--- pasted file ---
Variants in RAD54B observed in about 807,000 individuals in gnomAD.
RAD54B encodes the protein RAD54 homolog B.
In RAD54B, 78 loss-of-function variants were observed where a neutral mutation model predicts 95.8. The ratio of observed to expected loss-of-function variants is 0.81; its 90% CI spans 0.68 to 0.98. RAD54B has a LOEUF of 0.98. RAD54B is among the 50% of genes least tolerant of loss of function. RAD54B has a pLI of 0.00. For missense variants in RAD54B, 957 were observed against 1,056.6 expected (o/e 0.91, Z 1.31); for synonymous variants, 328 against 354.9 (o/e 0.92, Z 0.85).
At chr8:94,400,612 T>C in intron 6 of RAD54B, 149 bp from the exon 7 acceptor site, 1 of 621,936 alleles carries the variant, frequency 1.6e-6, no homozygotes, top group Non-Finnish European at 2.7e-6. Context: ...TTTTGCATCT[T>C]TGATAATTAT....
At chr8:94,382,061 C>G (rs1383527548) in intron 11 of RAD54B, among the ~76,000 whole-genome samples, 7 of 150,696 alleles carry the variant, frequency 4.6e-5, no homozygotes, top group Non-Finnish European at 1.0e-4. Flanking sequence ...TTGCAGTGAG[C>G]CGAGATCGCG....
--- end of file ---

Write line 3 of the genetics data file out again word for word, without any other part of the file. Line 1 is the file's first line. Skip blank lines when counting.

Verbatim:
In RAD54B, 78 loss-of-function variants were observed where a neutral mutation model predicts 95.8. The ratio of observed to expected loss-of-function variants is 0.81; its 90% CI spans 0.68 to 0.98. RAD54B has a LOEUF of 0.98. RAD54B is among the 50% of genes least tolerant of loss of function. RAD54B has a pLI of 0.00. For missense variants in RAD54B, 957 were observed against 1,056.6 expected (o/e 0.91, Z 1.31); for synonymous variants, 328 against 354.9 (o/e 0.92, Z 0.85).